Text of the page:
Okay, my eve-of-oral-argument hunch is that the court will back away somewhat from its Citizens United claim that corporate CEOs can, in the name of the corporation, access the constitutional rights of citizen-association members.  The Court will find some way to segregate speech rights from other constitutional rights, and will rule against the plaintiffs in these two cases.  That’s because, well, apparently a slew of other associations of citizens–e.g., the business community at large–are making it known, including in amicus briefs to the court, that they’re downright scared to death of this end-to-the-corporate-veil/corporations-are-groups-of-citizens (who can be held individually responsible for their for-profit association’s liabilities) thing.

Or maybe they’re just scared to death at the thought of ExxonMobil or Amazon marauding through their towns bearing AK-47s in exercise of their derivative Second Amendment rights. It could be time for some for-profit associations of citizens to pray.

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*Paragraph edited after publication to correct a cut-and-paste error and to add the name of the referenced Supreme Court case, Harris v. Quinn.

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What the Marvin M. Brandt Case Means for America’s Rail-Trails

I’m a big fan of the Rails-to-Trails Conservancy, and was well aware of the Supreme Court case, Marvin M. Brandt Revocable Trust v. United States, argued two months ago at the Supreme Court, that had the potential to endanger or end large swaths of Conservancy trails.  The Court issued its opinion in the case last week.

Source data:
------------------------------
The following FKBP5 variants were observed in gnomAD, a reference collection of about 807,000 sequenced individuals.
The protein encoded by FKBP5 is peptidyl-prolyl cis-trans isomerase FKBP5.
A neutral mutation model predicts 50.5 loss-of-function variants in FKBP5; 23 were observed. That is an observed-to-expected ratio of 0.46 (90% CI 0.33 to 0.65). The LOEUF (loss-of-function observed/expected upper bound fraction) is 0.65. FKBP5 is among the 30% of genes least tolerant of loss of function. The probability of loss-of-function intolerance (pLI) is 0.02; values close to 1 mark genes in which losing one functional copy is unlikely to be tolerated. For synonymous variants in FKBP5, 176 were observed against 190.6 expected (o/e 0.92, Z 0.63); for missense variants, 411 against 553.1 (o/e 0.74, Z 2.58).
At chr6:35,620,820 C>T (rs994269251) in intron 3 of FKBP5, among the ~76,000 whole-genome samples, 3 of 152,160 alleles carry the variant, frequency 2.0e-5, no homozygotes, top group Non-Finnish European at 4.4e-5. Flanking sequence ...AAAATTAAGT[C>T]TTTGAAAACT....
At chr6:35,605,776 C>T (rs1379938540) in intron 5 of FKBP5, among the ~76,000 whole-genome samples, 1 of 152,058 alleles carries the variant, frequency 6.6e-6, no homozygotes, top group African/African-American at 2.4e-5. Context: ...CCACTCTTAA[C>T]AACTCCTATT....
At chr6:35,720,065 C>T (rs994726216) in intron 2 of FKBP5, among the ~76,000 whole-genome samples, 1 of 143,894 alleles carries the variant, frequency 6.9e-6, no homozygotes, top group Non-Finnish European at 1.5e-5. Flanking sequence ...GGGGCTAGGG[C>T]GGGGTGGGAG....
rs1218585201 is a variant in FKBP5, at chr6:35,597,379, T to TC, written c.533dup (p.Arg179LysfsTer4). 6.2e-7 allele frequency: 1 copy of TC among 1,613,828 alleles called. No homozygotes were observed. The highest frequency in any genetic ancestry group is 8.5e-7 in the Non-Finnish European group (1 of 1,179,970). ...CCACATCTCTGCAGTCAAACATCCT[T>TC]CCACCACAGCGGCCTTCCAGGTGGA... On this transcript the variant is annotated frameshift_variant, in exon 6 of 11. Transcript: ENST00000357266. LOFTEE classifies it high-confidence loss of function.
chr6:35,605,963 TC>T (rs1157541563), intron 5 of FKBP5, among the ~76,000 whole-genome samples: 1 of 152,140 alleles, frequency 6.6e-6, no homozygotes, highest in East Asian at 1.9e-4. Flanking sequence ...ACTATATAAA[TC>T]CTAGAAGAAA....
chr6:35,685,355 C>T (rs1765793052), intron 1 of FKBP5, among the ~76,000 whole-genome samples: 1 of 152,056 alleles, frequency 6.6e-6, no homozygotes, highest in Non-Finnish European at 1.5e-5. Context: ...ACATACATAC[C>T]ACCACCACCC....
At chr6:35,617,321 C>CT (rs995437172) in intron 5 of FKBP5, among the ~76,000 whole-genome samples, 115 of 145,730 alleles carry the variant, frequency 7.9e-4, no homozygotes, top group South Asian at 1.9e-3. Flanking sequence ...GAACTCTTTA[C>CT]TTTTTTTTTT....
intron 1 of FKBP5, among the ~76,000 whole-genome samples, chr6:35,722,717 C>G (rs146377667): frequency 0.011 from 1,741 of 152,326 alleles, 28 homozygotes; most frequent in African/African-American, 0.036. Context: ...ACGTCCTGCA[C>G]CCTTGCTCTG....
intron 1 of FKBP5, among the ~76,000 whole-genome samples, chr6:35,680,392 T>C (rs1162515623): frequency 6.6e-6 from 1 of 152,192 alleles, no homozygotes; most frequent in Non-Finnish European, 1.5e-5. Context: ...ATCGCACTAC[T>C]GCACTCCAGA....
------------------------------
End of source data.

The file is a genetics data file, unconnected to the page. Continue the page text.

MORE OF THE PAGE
I’m on the Conservancy’s email listserve, and received an email this morning that links to the organization’s summary of the opinion and effects, after a week of reflection and analysis of it. Here’s the Conservancy’s take, at this juncture.

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Alito is Right. Perceptions of the U.S. Supreme Court Differ From the Reality.

WEST PALM BEACH – Using a mix of jokes and drawing on his own experience, U.S. Supreme Court Associate Justice Samuel Alito said Monday that being a judge at the nation’s top court is often not what it appears to be.

“A lot of people, I think, have the impression that sitting on the bench and listening to oral arguments is the main thing we do,” Alito said to a crowd of 1,120 at the Palm Beach County Convention Center.

“If people were to see me really at work, it would not be a particularly edifying spectacle,” added the 63-year-old New Jersey native. “They would see me at my computer at eight in the morning in my pajamas.”

Perceptions of U.S. Supreme Court differ from reality, Justice Samuel Alito says in West Palm Beach, Brett Clarkson, Sun Sentinel

Hmmm.  And to think I thought that the justices spent most of their time reading those specially-printed-and-bound-at-a-cost-of-$5,000-to-$7,000-per-case certiorari petitions.  At least the ones whose covers bear the name of $1,000’Hr.-D.C.-Based-Supreme-Court-Specialist as counsel.  Or the ones filed by state attorneys-general challenging federal-court grants of habeas petitions.

Guess the justices have some time left over to do other things, like prepare for oral argument in cases whose petition covers bore the name of $1,000/Hr.-D.C.-Based-Supreme-Court-Specialist as counsel. Or like signing on to opinions that summarily reverse federal-court grants of habeas petitions at the behest of state attorneys-general.

This week while he’s in his pajamas at a luxury hotel in Palm Beach.  Maybe next week, too.  The justices don’t meet again for another two-and-one-half weeks.

Yes, perceptions of the U.S. Supreme Court differ from the reality.